California prison policy says that inmates can refuse medical treatment as long as they’re conscious and able to do so. Prisoners can also sign statements that say they cannot be administered treatment, regardless of their condition. “Force-feeding inmates is not part of our medical protocol,” said Joyce Hayhoe, Director of Legislation for the California Correctional Health Care Services.

But in 2011, the former head of California prisons said he thought those prohibitions against force-feeding could be overruled with a court’s approval. To do so, the Corrections Department would have to prove that force-feeding was in the state’s interest to maintain a safe prison environment for other inmates.

The department never actually sought court permission, as officials agreed to meet with inmates and said they were reviewing the state’s solitary confinement policy. The two strikes in 2011 ended after three weeks.

The prison system did revise its solitary confinement policies in March, but inmates now striking say the changes do nothing to limit the length of solitary confinement sentences, which can continue indefinitely. Inmates are also calling for an end to “group punishment,” such as race-based lockdowns that restrict an entire race of inmates for one prisoner’s violation. The California Corrections Department is facing federal lawsuits over both practices.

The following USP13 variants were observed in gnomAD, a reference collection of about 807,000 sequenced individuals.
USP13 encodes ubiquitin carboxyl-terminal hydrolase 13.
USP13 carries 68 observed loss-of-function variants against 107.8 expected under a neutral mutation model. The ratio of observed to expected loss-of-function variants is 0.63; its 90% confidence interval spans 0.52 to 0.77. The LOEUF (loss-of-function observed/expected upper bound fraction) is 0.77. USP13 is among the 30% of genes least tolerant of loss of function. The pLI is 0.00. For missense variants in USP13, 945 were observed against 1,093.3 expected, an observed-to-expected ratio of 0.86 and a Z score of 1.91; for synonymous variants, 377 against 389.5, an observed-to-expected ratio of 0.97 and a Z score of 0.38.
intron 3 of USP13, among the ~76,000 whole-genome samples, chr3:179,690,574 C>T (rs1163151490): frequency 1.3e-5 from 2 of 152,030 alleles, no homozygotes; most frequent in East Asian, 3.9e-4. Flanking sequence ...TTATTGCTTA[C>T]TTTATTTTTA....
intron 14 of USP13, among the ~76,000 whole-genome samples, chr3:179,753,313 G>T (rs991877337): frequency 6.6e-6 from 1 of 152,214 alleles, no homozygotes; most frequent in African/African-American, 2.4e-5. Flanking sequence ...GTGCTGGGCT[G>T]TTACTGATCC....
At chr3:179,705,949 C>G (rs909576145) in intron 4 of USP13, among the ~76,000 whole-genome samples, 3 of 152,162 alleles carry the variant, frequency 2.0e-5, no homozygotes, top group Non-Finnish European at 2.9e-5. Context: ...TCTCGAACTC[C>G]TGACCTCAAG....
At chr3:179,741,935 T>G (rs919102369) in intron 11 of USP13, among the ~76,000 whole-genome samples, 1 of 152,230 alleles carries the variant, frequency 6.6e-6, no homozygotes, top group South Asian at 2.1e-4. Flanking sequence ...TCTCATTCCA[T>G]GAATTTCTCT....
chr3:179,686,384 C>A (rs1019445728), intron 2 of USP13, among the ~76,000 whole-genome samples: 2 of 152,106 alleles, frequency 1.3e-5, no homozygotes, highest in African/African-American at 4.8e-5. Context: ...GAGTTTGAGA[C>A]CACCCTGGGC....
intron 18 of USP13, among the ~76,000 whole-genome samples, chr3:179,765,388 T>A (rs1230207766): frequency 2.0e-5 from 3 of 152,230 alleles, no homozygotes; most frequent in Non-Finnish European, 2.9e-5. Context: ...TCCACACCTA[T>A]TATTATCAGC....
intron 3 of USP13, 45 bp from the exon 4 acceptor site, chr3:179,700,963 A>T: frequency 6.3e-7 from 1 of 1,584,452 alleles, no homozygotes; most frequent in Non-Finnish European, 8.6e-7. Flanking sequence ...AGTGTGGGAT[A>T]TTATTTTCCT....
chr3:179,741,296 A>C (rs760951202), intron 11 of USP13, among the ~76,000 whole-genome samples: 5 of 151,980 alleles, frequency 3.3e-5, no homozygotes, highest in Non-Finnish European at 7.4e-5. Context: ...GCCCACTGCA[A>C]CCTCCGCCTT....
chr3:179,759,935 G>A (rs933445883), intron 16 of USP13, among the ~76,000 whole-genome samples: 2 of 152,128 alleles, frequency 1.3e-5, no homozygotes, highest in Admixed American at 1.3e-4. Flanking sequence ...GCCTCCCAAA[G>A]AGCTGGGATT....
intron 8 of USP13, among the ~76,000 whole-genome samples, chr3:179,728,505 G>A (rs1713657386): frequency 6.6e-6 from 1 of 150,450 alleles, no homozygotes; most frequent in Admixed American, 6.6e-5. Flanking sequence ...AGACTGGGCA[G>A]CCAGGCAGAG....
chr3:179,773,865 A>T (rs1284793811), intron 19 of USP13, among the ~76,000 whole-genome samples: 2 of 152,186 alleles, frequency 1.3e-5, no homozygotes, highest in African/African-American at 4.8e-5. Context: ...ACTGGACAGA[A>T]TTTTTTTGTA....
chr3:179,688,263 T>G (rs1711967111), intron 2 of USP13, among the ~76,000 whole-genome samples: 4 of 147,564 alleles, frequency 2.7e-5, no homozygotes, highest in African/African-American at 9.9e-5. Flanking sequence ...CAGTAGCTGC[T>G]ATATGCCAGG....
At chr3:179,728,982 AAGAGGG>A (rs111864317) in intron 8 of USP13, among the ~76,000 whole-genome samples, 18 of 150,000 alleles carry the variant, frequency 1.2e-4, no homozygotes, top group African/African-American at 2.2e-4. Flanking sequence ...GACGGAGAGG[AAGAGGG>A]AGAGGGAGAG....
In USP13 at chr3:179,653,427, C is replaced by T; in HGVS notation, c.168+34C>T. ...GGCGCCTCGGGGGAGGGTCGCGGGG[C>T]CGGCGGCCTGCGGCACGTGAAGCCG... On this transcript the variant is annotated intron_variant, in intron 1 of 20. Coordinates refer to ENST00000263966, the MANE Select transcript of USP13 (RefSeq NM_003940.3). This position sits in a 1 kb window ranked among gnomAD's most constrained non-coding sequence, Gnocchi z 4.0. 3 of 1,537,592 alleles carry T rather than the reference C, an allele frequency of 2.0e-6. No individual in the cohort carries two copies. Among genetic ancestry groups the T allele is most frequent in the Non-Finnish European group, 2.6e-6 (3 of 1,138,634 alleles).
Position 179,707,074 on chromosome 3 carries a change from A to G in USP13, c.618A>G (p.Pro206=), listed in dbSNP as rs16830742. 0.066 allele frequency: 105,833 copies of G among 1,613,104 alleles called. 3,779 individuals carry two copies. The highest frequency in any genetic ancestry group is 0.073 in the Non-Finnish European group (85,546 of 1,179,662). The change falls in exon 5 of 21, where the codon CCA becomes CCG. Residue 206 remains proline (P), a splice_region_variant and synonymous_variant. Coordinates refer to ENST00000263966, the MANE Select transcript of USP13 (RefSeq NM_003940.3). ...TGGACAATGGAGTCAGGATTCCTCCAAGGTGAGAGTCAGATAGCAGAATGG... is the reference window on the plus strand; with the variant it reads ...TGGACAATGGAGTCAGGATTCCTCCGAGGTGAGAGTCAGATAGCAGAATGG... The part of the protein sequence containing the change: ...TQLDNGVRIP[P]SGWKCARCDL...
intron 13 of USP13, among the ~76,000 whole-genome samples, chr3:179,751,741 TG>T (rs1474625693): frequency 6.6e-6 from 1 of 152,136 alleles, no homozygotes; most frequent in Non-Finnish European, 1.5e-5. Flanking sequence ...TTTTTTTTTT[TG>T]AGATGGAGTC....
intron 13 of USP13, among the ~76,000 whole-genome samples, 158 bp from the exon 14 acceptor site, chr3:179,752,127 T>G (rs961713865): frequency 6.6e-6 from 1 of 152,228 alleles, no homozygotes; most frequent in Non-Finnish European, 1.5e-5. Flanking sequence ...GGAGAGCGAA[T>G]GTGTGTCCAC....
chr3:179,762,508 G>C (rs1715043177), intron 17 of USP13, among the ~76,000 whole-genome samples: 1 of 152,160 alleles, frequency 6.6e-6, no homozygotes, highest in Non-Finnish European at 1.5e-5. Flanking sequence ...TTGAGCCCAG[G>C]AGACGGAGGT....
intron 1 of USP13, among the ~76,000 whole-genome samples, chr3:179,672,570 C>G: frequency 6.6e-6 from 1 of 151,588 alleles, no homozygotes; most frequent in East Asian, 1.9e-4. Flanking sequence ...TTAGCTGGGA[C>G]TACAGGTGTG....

“At this point, it is clear to us that the [Corrections Department] has no intention of implementing the substantive policy changes that were agreed to fifteen or sixteen months ago,” organizers said in a press release, announcing plans to renew the strike.  

Hunger strikers at Pelican Bay prison have released a list of five demands, which inmates in other prisons have expanded.

Corrections officials have announced that inmates will face consequences for participating in the strike, ranging from being denied family visits to being put in solitary confinement. “It is against state law to participate in disturbances such as mass hunger strikes,” said corrections spokesperson Jeffrey Callison. “Eventually participants will be issued rule violation reports.”

Dolores Canales’s son, an inmate at Pelican Bay prison, is striking for the third time in two years. She is worried prison officials may be less willing to work with inmates this time around. “They’re going to let them go God only knows how long without eating,” she said.

Canales has lead efforts to organize other family members in support of the strike. She, like many family members she knows, has avoided discussing force-feeding with her son. “I don’t want to know,” she said. “If it were up to me I would say do whatever it takes to have him live.”